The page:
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Blissett J erectile dysfunction at 17 buy genuine avanafil on line, Harris G erectile dysfunction treatment scams avanafil 100 mg fast delivery, Kirk J (2000) Growth hormone therapy and feeding problems in growth disorders erectile dysfunction rap beat buy avanafil 100 mg low cost. Blissett J erectile dysfunction doctors fort worth order cheapest avanafil, Harris G (2002) A behavioural intervention in a child with feeding problems impotence grounds for divorce in tn buy avanafil without prescription. Brodsky L (1997) Dysphagia with respiratory/pulmonary presentation: assessment and management. Brown R, Ogden J (2004) Children’s eating attitudes and behaviour: a study of the modelling and control theories of parental infiuence. Budden S, Meek F, Henighan C (1990) Communication and oral motor function in Rett syndrome. Caouette-Laberge L, Plamondon C, Larocque Y (1996) Subperiosteal release of the fioor of the mouth in Pierre Robin sequence: experience with 12 cases. Carruth B, Skinner J (2002) Feeding behaviors and other motor development in healthy children (2–24 months). Chatoor I, Conley C, Dickson L (1988) Food refusal after an incident of choking: a posttraumatic eating disorder. Dahl M, Sundelin C (1986) Early feeding problems in an affiuent society: categories and clinical signs. Mental Retardation and Developmental Disabilities Research Reviews 6(2): 125–30. DiScipio W, Kaslon K, Ruben R (1978) Traumatically acquired conditioned dysphagia in children. Field D, Garland M, Williams K (2003) Correlates of specific childhood feeding problems. Fischer-Brandies H (1989) Vertical development of the jaw in cases of trisomy 21: Interactions of form and function. Hagberg B (1985) Rett’s syndrome: Prevalence and impact on progressive severe mental retardation in girls. Haig D, Wharton R (2003) Prader-Willi syndrome and the evolution of human childhood. Kawahara H, Dent J, Davidson G (1997) Mechanisms responsible for gastroesophageal refiux in children. Kohda E, Hisazumi H, Hiramatsu K (1994) Swallowing dysfunction and aspiration in neonates and infants. Kovesi T, Rubin S (2004) Long-term complications of congenital esophageal atresia and/or tracheoesophageal fistula. Kramer S, Monahan-Eicher P (1993) the evaluation of pediatric feeding abnormalities. Lachman R, Funamura J, Szalay G (1981) Gastrointestinal abnormalities in the Cornelia de Lange syndrome. Li H-Y, Lo L-J, Chen K-S, Wong K-S, Chang K-P (2002) Robin sequence: review of treatment modalities for airway obstruction in 110 cases. MacDonald A, Holden C, Harris G (1991) Nutritional strategies in cystic fibrosis: Current issues. Acute clinical characteristics of paediatric dysphagia following traumatic brain injury. The Normal Acquisition of Oral Feeding Skills: Implications for Assessment and Treatment. Noerr B (2003) Current controversies in the understanding of necrotizing enterocolitis. Odman C, Kiliaridis S (1996) Masticatory muscle activity in myotonic dystrophy patients. Orenstein S, Shalaby T, Putnam P (1992) Thickened feedings as a cause of increased coughing when used as therapy for gastroesophageal refiux in infants. Papargyriou G, Kjellberg H, Kiliaridis S (2000) Changes in masticatory mandibular movements in growing individuals: a six-years follow-up. In Caruso A, Strand E (eds) Clinical Management of Motor Speech Disorders in Children. Reilly S, Carr L (2001) Foreign body ingestion in children with severe developmental disabilities: a case study. Reilly S, Skuse D (1992) Characteristics and management of feeding problems of young children with cerebral palsy. Reilly S, Skuse D, Poblete X (1996) Prevalence of feeding problems and oral motor dysfunction in children with cerebral palsy: a community survey. Robin P (1923) La chute de la base de la langue consideree comme une nouvelle cause de gene dans la respiration naso-pharyngienne. Rogers B (2004) Feeding method and health outcomes of children with Cerebral Palsy. Romero R, Chaiworapongsa T, Espinoza J (2003) Micronutrients and intrauterine infection, preterm birth and the fetal infiammatory response syndrome. Varan B, Tokel K, Yilmaz G (1999) Malnutrition and growth failure in cyanotic and acyanotic congenital heart disease with and without pulmonary hypertension. Antroduodenal motility in neurologically handicapped children with feeding intolerance. Before treatment and management can commence, however, there is a need for a thorough assessment of swallowing function. As detailed in Chapter 2, the infant swallow and the adult swallow are quite different and warrant individual discussions in their own right. Once cannot assume that assessment techniques that are suitable for adults will also be suitable for babies, infants and children. This chapter will discuss both (a) clinical assessments and (b) instrumental assessment techniques that are suitable for use with babies, infants and children. The ultimate goal of the clinical oral assessment is to define the pathophysiology and the extent of the feeding difficulties. In this problem-solving process, the evaluation of the oral cavity and its functions by observation plays a major role, and should occur prior to instrumental assessment. The feeding specialist must have a thorough understanding of normal function of the many interacting systems involved in feeding. In the clinical oral feeding evaluation, oral anatomy, motor skills, refiex activity, responsivity and swallowing are examined. With this information, referrals can be made for further diagnostic testing and multidisciplinary management where a specific treatment plan can be developed. The clinical oral examination should therefore always be the initial assessment scheduled in a team evaluation. Oral structures are examined for malformations and for abnormalities of muscle tone and muscle mass. The lips, cheeks, jaw, tongue, hard and soft palate are examined at rest and during spontaneous movement. Palatal and labial clefts, micrognathia, deviant dental occlusion, ankyloglossia and trismus are some of the most frequently seen anomalies. Assessment of oral motor function Oral motor skills have been described extensively in anatomy text books, developmental and rehabilitation literature (Morris, 1982). A brief discussion of the most clinically relevant oral refiexes in terms of infant sucking will be presented because the oral motor assessment in young infants occurs mainly by evaluation of the oral refiexes. These oral refiexes are defined as programmed responses to a specific sensory input, generally a tactile stimulus, and they become modified or integrated into functional activity with increased maturity. The expression of oral refiexes at any age can be quite varied, depending on a number of factors such as state of arousal or hunger. Eliciting specific oral refiexes during the clinical feeding evaluation provides information on the baby’s neurological maturity or integrity as well as on the quality of its response to tactile input (Wolf and Glass, 1992). The interplay of the refiexes with the child’s functional feeding skills is, however, more important than the presence or absence of specific refiexes (Ingram, 1962). Oral refiexes fall into two categories: temporary and permanent refiexes (see Table 14. Permanent refiexes such as the transverse tongue refiex, gag, cough and swallow develop quite early in utero but remain present during an individual’s lifetime. The cough and gag refiex are also called protective refiexes as they are designed to protect the airway during feeding and to expel aspirated foreign material. The second mechanism to protect the airway is bronchial receptor stimulation by excessive secretions with the purpose of clearing the lower airways of foreign material or mucus. It is important to observe the cough because the protective laryngeal cough is a prerequisite for safe feeding and excessive coughing suggests lack of suck-swallow-breath coordination. Although the presence of a cough is imperative for safe feeding, it does not guarantee that the subject is a safe feeder. Many children with swallow dysfunction cough sometimes, but do not when they aspirate during deglutition. As coughing is the mechanism that protects the airway, the presence and effectiveness of the cough, and not the gag, needs to be considered in regards to safe oral infant feeding (Wolf and Glass, 1992). The gag refiex is present at 18 weeks’ gestational age (Inniruberto and Tajani, 1981; Tucker, 1985). The purpose of the gag refiex is to protect the baby from ingesting large items that can block the airway. It is elicited by touch pressure to receptors located on the tongue or pharyngeal wall causing a reverse peristaltic movement in the pharynx. The spot triggering the gag refiex moves with increasing age: in the newborn gagging is elicited in the mid-tongue area; when the baby matures, the gag gradually moves back to the pharyngeal wall or posterior portion of the tongue (Wolf and Glass, 1992). The status of the gag refiex does not predict the swallow ability as they are innervated independently but does provide information on the responsivity of the pharyngeal receptors (Dodds, 1989; Leder, 1996). The swallowi ng response has been obser ved i n the foetus at 12 to 14 weeks (I n ni r uber to and Tajani, 1981) and is present throughout life. The transverse tongue refiex is triggered by unilateral stimulation of the anterior 1/3 lateral border of the tongue. Lateral tongue movement occurs towards the side of stimulation and should be elicited bilaterally. The temporary oral refiexes, which include rooting, sucking, palmomental refiex, Sandmyer refiex, and the phasic bite, assist in the acquisition of food, but disappear or are integrated by muscle function respectively at 3–6 months, 3–4 months, 1–2 years, 6–8 months and 9–12 months of age. The presence of this response is quite variable and is based on factors such as state. An absent refiex may refiect poor tactile sensitivity or neural integration (Wolf and Glass, 1992). Sucking is refiexive in the newborn with a gradual transition to full volitional control of sucking by 3 to 4 months of age. The elicitation of the refiex varies depending on the type of stimulus (nutritive or non-nutritive) and can be inhibited by factors such as state or satiation (Wolf and Glass, 1992). The palmomental (Babkin) refiex can be elicited by giving bilateral pressure to the palms resulting in mandible depression and sucking movements of the tongue.

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They also allow more mobility erectile dysfunction medicine reviews generic avanafil 50 mg overnight delivery, the possibility of discharge to erectile dysfunction treatment youtube order avanafil 100mg on line the ward once off ventilatory support (thereby freeing up the bed for the next patient) erectile dysfunction gene therapy treatment quality avanafil 50 mg, and the recommencement of oral food and fiuids under the guidance of the speech pathologist erectile dysfunction treatment for diabetes 100 mg avanafil free shipping. The causes of upper airway obstruction are most often acute – burns erectile dysfunction at 17 50mg avanafil with mastercard, foreign bodies, corrosive gas/liquid exposure, infections or trauma. Occasionally such obstructions are slower in onset, especially if neoplastic in origin. Access to the airway for aspiration of secretions is most often needed in the post-intensive care setting when patients recovering from pneumonia or infective exacerbation of chronic obstructive lung disease are still producing copious amounts of secretions. The cough is very often weakened in this situation because of the inability of intensivists to provide enough nutrition in the acute illness setting to overcome the body’s tendency to break down muscles (including the diaphragm, accessory muscles and the intercostal muscles). It is debatable that even the delivery of enough calories would make a difference as the body produces certain chemical messengers (hormones and cytokines) that drive this process of muscle breakdown and prevent utilization of energy, whether delivered directly intravenously or indirectly enterally. This said, the most common reason for insertion of a tracheostomy is for the facilitation of weaning long-term ventilated patients from the ventilator. In Australia, we tend to use the cutoff of 2 weeks to define long-term ventilation – this does not mean that one necessarily waits 2 weeks, but if you think ventilation is very likely to be longer than two weeks, a tracheostomy is considered at the first clinically safe and technically feasible occasion. This is a historical practice that is currently being subjected to randomized trials of early versus late tracheostomies to try to work out the ideal time to insert one for patients with prolonged intubation. Indications for insertion of tracheostomies are as follows: • To bypass upper airway obstruction. For example: – burns; – foreign bodies; – corrosive gas/liquid exposure; – infections; – trauma. It is important to note that a tracheostomy tube does not guarantee protection from aspiration. It has been reported that aspiration may occur in up to 15% of patients managed with a tracheostomy (Irwin, 1999). Nevertheless, one must never assume that just because a tracheostomy is in place, even with the cuff balloon infiated, the patient is safe from aspiration and its consequences. A good general rule is always assume the cuff is not working and carry out all the mechanical procedures to minimize the risk of refiux and aspiration. The cuff allows infiation and occlusion of the airway to material from above – this, as mentioned previously, does not guarantee protection from aspiration and it has been noted that even the use of suctioning ports above the cuff does not reduce that risk. Smaller tracheostomies – the so-called ‘mini-trach’ – are often used in those patients with a weakened cough and/or excessive secretions to facilitate ‘tracheal toilet’. If the patient is not constantly on the ventilator, he or she can have a tube with holes (fenestrated) placed in or have a speaking valve put on the tracheostomy (with the cuff defiated) – these devices allow the passage of air from the lungs and up the trachea over the vocal cords. The speech pathologist’s role in the assessment and management of swallowing and communication for individuals with tracheostomy tubes is detailed in Chapter 9. Endotracheal tubes are associated with a change in the refiexes needed for swallowing due to changes in neurological sensitivity, muscular dysfunction and subacute injury even if the tube has only been in less than one day. These changes usually resolve rapidly and rarely need any formal intervention (DeLarminat et al. Should formal swallowing therapy be required, these would follow the principles outlined in Chapters 11 and 12. The most serious complications are bleeding, misplacement of the tube and obstruction. Bleeding can occur at an early stage – this is most often likely to be local and is more of an irritation than a serious concern. If it occurs at a late stage this is often serious, with 50% being due to erosion into the innominate artery (supplying the right arm and side of the head/brain) with catastrophic consequences. Misplacement may occur after dislodgement with faulty replacement, or as an initial insertion problem, and leads to a failure to ventilate. Obstruction is most often due to dried out and viscous secretions but can also be due to bleeding. There are a multitude of other complications – stoma infections, nerve injury (particularly the recurrent laryngeal nerve), pneumothorax, lung collapse, tracheo-oesophageal fistula and laryngomalacia. From the speech pathology point of view, the major complications of tracheostomy are dysphagia and aspiration. The cuffs are now designed to be more compliant even with high volumes of air in them resulting in less over-distension and less pressure on the airway – also most intensive care unit protocols call for either a leak test or a check of the cuff pressure to prevent excessive pressures being present in the cuff. Despite this, the cuff is often described in retrospect by patients as feeling like an orange stuck in the throat on attempting to swallow. A good general rule is to let the cuff down as soon as the patient is off the ventilator, especially when the patient is in the sitting position. Tracheostomies lead to delayed swallow triggering and pharyngeal pooling of contrast material on videofiuoroscopy (DeVita and Spierer-Rundback, 1990). There is poorer anterior movement of the pharynx in swallowing and laryngeal elevation is decreased as well. This is mostly due to fixation of the trachea to the skin by the tracheostomy although compression of the oesophagus by the cuff also plays a role. As mentioned before, endotracheal tubes can desensitize the nerves of the oropharynx and, likewise, tracheostomies and prolonged fasting/nil by mouth can desensitize the nerves involved with the sensation and coordination of swallowing. This leads to a loss of protective refiexes such as the cough or gag refiex and the refiex closure of laryngeal opening, which contributes to lack of coordination of the swallowing process. Basically, as soon as there is no further indication for the tracheostomy and the patient is considered safe, the tracheostomy should be removed. This decision should be arrived at after close coordination between the clinician caring for the patient and the speech pathologist reviewing the patient. It does not mean that one has to wait until the swallow is normal before removing the tracheostomy. The process of consultation and review does not stop there – depending on the underlying pathological process, the patient may never recover a normal swallowing process and most patients after decannulation will require ongoing speech pathology review. Therefore, those at risk of aspiration should be assessed by a qualified professional (a speech pathologist) before being allowed to have oral intake. Risk factors are readily identifiable – anything that interferes with muscle coordination or strength particularly cerebrovascular accidents or anything that depresses the level of consciousness. The care of a patient who has suffered aspiration or a patient who is coming off a tracheostomy requires close liaison between the clinician and the speech pathologist. Kidd D, Lawson J, Nesbitt R (1993) Aspiration in acute stroke: a clinical study with videofiuoroscopy. Drooling or saliva loss may occur where one or more of the phases of swallowing is impaired. Many of us only discover its importance when our mouth becomes dry while presenting at an important speaking engagement. Apart from moistening our tongues and lips while speaking, saliva has several major functions, which include the lubrication of the bolus for ease of swallowing, the maintenance of oral hygiene, and the regulation of acidity in the oesophagus. Where a person has no oral motor deficits there may still be problems with saliva production, which can result in changes in saliva viscosity. This may affect swallowing, and result in increased dental caries and periodontitis. Poor saliva control can occur in people with developmental, acquired or progressive disabilities. Hypersalivation is rare and not usually a cause of drooling (Tahmassebi and Curzon, 2003). Where a person has oral motor difficulties the problems with saliva may result in saliva overfiow (also called drooling or dribbling) and cause embarrassment and social isolation. Drooling is usually considered normal until a child is over 2 years of age (Morris and Dunn Klein, 2000). However some children with no obvious neurodevelopmental disabilities may drool until six or seven years (Johnson et al. Tahmassabi and Curzon (2003) suggested that, in children with cerebral palsy and an intellectual disability, drooling becomes less apparent after the development of permanent dentition. There are no separate prevalence rates available for those with an intellectual disability or other neurological conditions. People with acquired neurological conditions frequently encounter saliva control problems. Drooling in these conditions is related to impairment of oral control rather than an increase in saliva production. Secretion control problems are seen in adults where dysphagia occurs after multiple strokes involving both cerebral hemispheres or following a brain stem stroke. The problem is usually worse in the acute phase but may continue to be an issue depending on the site and extent of infarction (Smithhard, 1997). People with developmental disabilities, in particular cerebral palsy, often retain immature swallowing patterns. In this case, instead of the tongue collecting the saliva and then elevating itself to press against the hard palate to push the saliva into the pharynx, the tongue protrudes and retracts in much the same way an infant’s tongue moves. This tongue thrust pattern becomes more apparent as the person matures because the space in the oral cavity increases, resulting in protrusion of the tongue during the oral phase of swallowing and drooling. In Parkinson’s disease the characteristic paucity of movement affects the usually automatic, spontaneous swallowing of saliva. Drooling is most prominent when the anti-Parkinsonian medication is not effective. As Parkinson’s disease progresses the individual’s response to the medication diminishes and longer and more frequent ‘off’ periods are experienced. The tongue is particularly affected in motor neurone disease (Robbins, 1987) and consequently saliva cannot be collected and propelled into the pharynx. Because pharyngeal impairment frequently co-occurs with oral impairment, aspiration of saliva may be a problem. Understanding the mechanism of saliva fiow and production is essential if one is to understand the management of the range of difficulties with saliva. Diagrammatic representation of afferent and efferent pathways that are involved in refiex salivary secretion under the coordinating control of the salivary centres. The parotid glands are most active during chewing when the mechanical stimulation of the masseter and pterygoid muscles results in secretion of saliva via Stensen’s ducts into the mouth in the region of the second molars. The submandibular glands secrete via Wharton’s ducts, which are located on either side of the frenulum. Secretions from the sublingual glands fiow through the ducts of Rivius, situated on the fioor of the mouth (see Figure 6. The structure of the salivary glands is typical of all exocrine glands, being composed of small structures called acini, into which the epithelial cells secrete saliva, and ducts that transport the saliva. The parotid glands only produce serous secretions whereas the submandibular and sublingual glands produce both serous and mucoid secretions. Parasympathetic input increases the amount of saliva associated with eating and drinking. Sympathetic input reduces the quantity of secretion when not eating or drinking and during physical activity (see Figure 6. The average person produces and swallows approximately 600 ml of saliva a day (Watanabe and Dawes, 1988). This movement of the saliva is important to protect the teeth from developing caries.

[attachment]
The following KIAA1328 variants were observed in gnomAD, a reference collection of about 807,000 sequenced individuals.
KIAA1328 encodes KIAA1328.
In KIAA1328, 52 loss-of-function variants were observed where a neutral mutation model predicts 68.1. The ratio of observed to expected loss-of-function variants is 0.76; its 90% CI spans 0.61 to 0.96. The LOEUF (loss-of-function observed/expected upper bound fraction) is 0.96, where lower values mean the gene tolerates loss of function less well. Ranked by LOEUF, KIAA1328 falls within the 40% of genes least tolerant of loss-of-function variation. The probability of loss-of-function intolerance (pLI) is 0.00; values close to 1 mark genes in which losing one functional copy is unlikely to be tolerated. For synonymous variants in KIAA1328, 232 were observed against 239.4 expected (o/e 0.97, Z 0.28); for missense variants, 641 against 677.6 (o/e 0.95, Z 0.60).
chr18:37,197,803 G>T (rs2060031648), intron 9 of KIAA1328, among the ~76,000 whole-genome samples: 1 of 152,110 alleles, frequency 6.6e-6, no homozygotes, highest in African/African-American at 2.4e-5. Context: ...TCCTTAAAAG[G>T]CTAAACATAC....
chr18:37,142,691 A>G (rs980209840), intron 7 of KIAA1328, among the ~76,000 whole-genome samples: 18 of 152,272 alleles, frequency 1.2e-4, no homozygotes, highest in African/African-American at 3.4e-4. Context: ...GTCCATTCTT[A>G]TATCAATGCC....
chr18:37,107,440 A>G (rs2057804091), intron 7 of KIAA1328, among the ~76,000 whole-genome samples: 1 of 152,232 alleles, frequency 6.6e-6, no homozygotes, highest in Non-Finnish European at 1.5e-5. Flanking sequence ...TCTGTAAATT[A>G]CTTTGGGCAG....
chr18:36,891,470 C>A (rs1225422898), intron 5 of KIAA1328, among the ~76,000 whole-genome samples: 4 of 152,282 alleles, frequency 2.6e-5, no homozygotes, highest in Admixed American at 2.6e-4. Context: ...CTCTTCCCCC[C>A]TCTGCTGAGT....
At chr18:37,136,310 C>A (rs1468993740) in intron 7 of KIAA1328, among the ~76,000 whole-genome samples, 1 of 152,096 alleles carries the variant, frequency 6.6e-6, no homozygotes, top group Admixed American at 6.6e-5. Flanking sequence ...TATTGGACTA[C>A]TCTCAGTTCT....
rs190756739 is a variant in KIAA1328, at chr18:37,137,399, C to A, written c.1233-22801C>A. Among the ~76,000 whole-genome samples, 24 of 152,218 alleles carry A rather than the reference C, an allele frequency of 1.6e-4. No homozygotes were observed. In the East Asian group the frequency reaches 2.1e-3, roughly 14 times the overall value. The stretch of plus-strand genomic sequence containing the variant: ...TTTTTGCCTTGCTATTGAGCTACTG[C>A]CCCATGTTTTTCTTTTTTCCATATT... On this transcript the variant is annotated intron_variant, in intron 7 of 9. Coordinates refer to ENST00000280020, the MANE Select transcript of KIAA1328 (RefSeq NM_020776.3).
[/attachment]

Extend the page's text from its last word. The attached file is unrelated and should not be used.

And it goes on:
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Note also that high temperatures may be caused by conditions other than poor chest status erectile dysfunction over 70 order avanafil 100mg with visa. There are some medications that are known to erectile dysfunction va disability rating buy avanafil 100mg visa have adverse effects on swallowing function erectile dysfunction icd generic avanafil 50mg without a prescription. Medications that cause dryness of the oral erectile dysfunction drugs for diabetes buy cheap avanafil 200 mg on line, nasal or pharyngeal mucosae can make it difficult to erectile dysfunction cures discount avanafil 50mg on-line initiate a swallow (see Chapter 9). Other medications may produce side effects simulating extrapyramidal symptoms (see Chapter 9). The speech pathologist should also review the method by which medications are being administered (tablet, capsule, liquid, etc. Individuals with severe dysphagia may be unable to take medication in a tablet or capsule format and may require the pharmacist to see if there is an alternative method of administration. Also note that some capsules or tablets have special enteric coatings to ensure that they do not disperse before they reach the stomach. Placing these medications in a spoonful of thickened fiuids may assist the patient in swallowing the medication but reduces the effect of the medication if it disperses throughout the pharynx and oesophagus rather than in the stomach. If in doubt, always consult medical team members such as the pharmacist, doctor and nursing staff. Previous speech pathology intervention As part of any thorough background review, evidence of previous speech pathology intervention should also be sought. Knowledge of previous clinical reports or imaging studies such as videofiuoroscopy affords the clinician a baseline of swallowing function. Client-specific information It is important to remember that no two individuals are the same. We each have unique biographical, cultural and religious backgrounds, educational and vocational backgrounds and behaviours. This information should direct how we interact with and provide information to our patients. For example, in providing explanations for a swallowing assessment and how it is carried out one should be aware of the patient’s educational and vocational background. The explanation afforded a person with tertiary qualifications should be quite different from the explanation offered to an individual with little schooling. Cultural differences may be highlighted when it comes to discussions of the patient’s goals. For example, for individuals of Asian, European or Middle Eastern cultures, the Western texture modified diets offered may be unappealing to the point that they might cause a reluctance to eat, which then slows down recovery. This is another example of why it is important that each dysphagic individual be seen as unique, and treated as such. In addition to the above information, some general information should be gathered from the individual with dysphagia or their next of kin or carer. Questions for the individual with dysphagia and/or their next of kin are: • When did the swallowing problem beginfi Once the background information has been obtained, the individual should be observed. These are: • Is the patient alert and able to participate in an oromotor assessment and a swallowing evaluationfi The relationship between swallowing and respiration has been outlined in detail in Chapter 4, which includes normal respiratory rates that can be used as a reference. As noted in Chapter 4, if the resting respiratory rate is abnormal, the individual is automatically at an increased risk of aspiration. It is normal for there to be a small increase (approximately 10%) in respiratory rate after swallowing, however this rapidly returns to normal in a non-dysphagic individual (Hirst et al. Comprehension ability should be noted, and the need for hearing aids should also be established. Voice quality should also be subjectively noted (particularly for the parameters of wetness, hoarseness, breathiness or harshness). For example, the need for eye glasses or any disturbances in visuoperceptual skills such as those that might be found after a stroke. These may include, but are not limited to, up-to-date immunization of the speech pathologist. Disposal of contaminated materials such as gloves or tongue depressors should be carried out responsibly in the manner dictated by the workplace. Inspection of the oral cavity and oropharynx the clinician should be aware of any abnormalities of structures at rest within the oral cavity. For example, blisters only on the left buccal surface in a patient with a right hemisphere stroke may be indicative of the patient biting the left buccal region during eating and point to poor intraoral sensory perception for the affected side. Extensive dryness of the mouth makes it difficult to initiate a swallow, as does the presence of thick mucus (Miller, 1992). It should be noted whether patients care for their own oral hygiene or are reliant on carers. In conjunction with this the state of the person’s dentition should also be examined. Halitosis can be caused by – but is not limited to – decaying food that has been pooled in the buccal sulcii, or even in a pharyngeal pouch. There is research to suggest that poor oral hygiene may be a risk factor for respiratory tract infections, particularly for elderly institutionalized individuals. The mechanism for this includes aspiration of oral pathogens carried on saliva or food/fiuid particles (Langmore et al. Saliva management the issue of saliva management has been thoroughly examined in Chapter 6. Poor awareness may be indicated by drooling or pooling of saliva within the oral cavity. It should also be noted whether the patient wipes the mouth with a hand or tissue in an attempt to control saliva management. A patient’s ability to swallow his or her own secretions should also observed, particularly whether this is a spontaneous action or requires prompting by a carer to swallow pooled material. A gurgling vocal quality after swallowing of secretions may indicate pooled material in the pharynx. The clinician should also note symmetry or asymmetry of movement or loss of sensation. These nerves and their function in swallowing has been discussed in detail in Chapter 1. If there is asymmetry and the soft palate is sagging, the uvula will deviate towards the normal side as there is insufficient muscle tension from the affected side to hold it in the mid-line. If no response is elicited from the soft palate the clinician may wish to touch the posterior pharyngeal wall to see if a response can be elicited. This gives an indication of (a) ability to follow a command, (b) ability to perform a voluntary cough, (c) the strength of the cough. Observe also any refiexive coughs as these may be different in strength to voluntary coughs. Ask the patient to poke the tongue out, point up towards the nose, down towards the chin, protrude to the left and the right, and then move in a circular motion as if licking the lips. For patients where an apraxia appears to be present the clinician may, for example, try giving a cue that ‘there is something on your top lip, can you lick it offfi Airway protection • Ask the patient to voluntarily hold their breath for the count of two. Note that the apnoeic period may still be triggered refiexively during a swallow even if the individual cannot voluntarily hold their breath. Cranial nerve V – trigeminal nerve this nerve has both motor and sensory components. It provides general sensation for the anterior two-thirds of the tongue, and is motor to the masticatory muscles, and the fioor of the mouth. It provides sensory information in the form of taste from the anterior two-thirds of the tongue via the chorda tympani. The facial nerve is motor to the following muscles: orbicularis oculi and oris, zygomatic, buccinator, platysma, stylohyoid, and stapedius. Apart from important neurological information gained from this assessment which will help to ascertain the cause of the swallowing problem, this assessment also provides information about the person’s ability to keep the bolus within the oral cavity. It is responsible for taste for the posterior one third of the tongue and sensation of the soft palate. It is motor to stylopharyngeus, the otic ganglion, and partial to the middle/inferior pharyngeal constrictor. The glossopharyngeal nerve is responsible for elevation of the pharynx and larynx and contributes to pharyngeal constriction. It is motor to the inferior, middle and superior pharyngeal constrictors, levator veli palatini, uvular, cricothyroid, thyroarytenoid, cricoarytenoids, transverse and oblique arytenoids, and oesophagus. It is responsible for palatal elevation and depression, laryngeal movement, pharyngeal constriction and cricopharyngeal movement. A sluggish or absent gag refiex provides information about level of sensation in that region. It is designed to expel vomit and refiuxed material from below and foreign bodies such as an overly large bolus or the tongue depressor anteriorly. As such it works in the completely opposite way to a normal swallow, which is designed to propel the bolus through the pharynx. There is much confusion surrounding the gag refiex, not the least of which comes from the medical fraternity (Smithard and Spriggs, 2003). Many referrals suggest that swallowing is occurring safely because of an intact gag refiex. This assumption is often made regardless of how uncoordinated the swallow may actually be. The presence or absence of the gag refiex may be indicative of sensation in that region but one cannot assume that a gag refiex will be triggered in the event of pooled material in the pharynx. Neurology shows us that sensation for the soft palate, which is where the gag refiex is elicited, is mediated via the glossopharyngeal nerve, whereas sensation for the pharynx and larynx, which are where pooled material may accumulate after the swallow, is mediated via the vagus nerve. While these two nerves work in harmony the fact that one is working is not predictive that the other is also working. It is also very important to note that there is a large degree of variability in the gag refiex in healthy non-dysphagic adults. Logemann (1995) reports that approximately 40% of non-dysphagic men and 10% of non-dysphagic women do not have a gag refiex (Smithard and Spriggs, 2003). If the phonation sounds ‘wet’ or ‘gurgling’ it may indicate that there are secretions or pooled material over the surface of the cords or in the laryngeal vestibule. The length of time an individual can phonate for may also give an indication of their ability to control their respiratory system. Warms and Richards (2000) investigated the correlation between wet vocal quality and prediction of pooled material in the larynx/trachea as indicative of aspiration or penetration.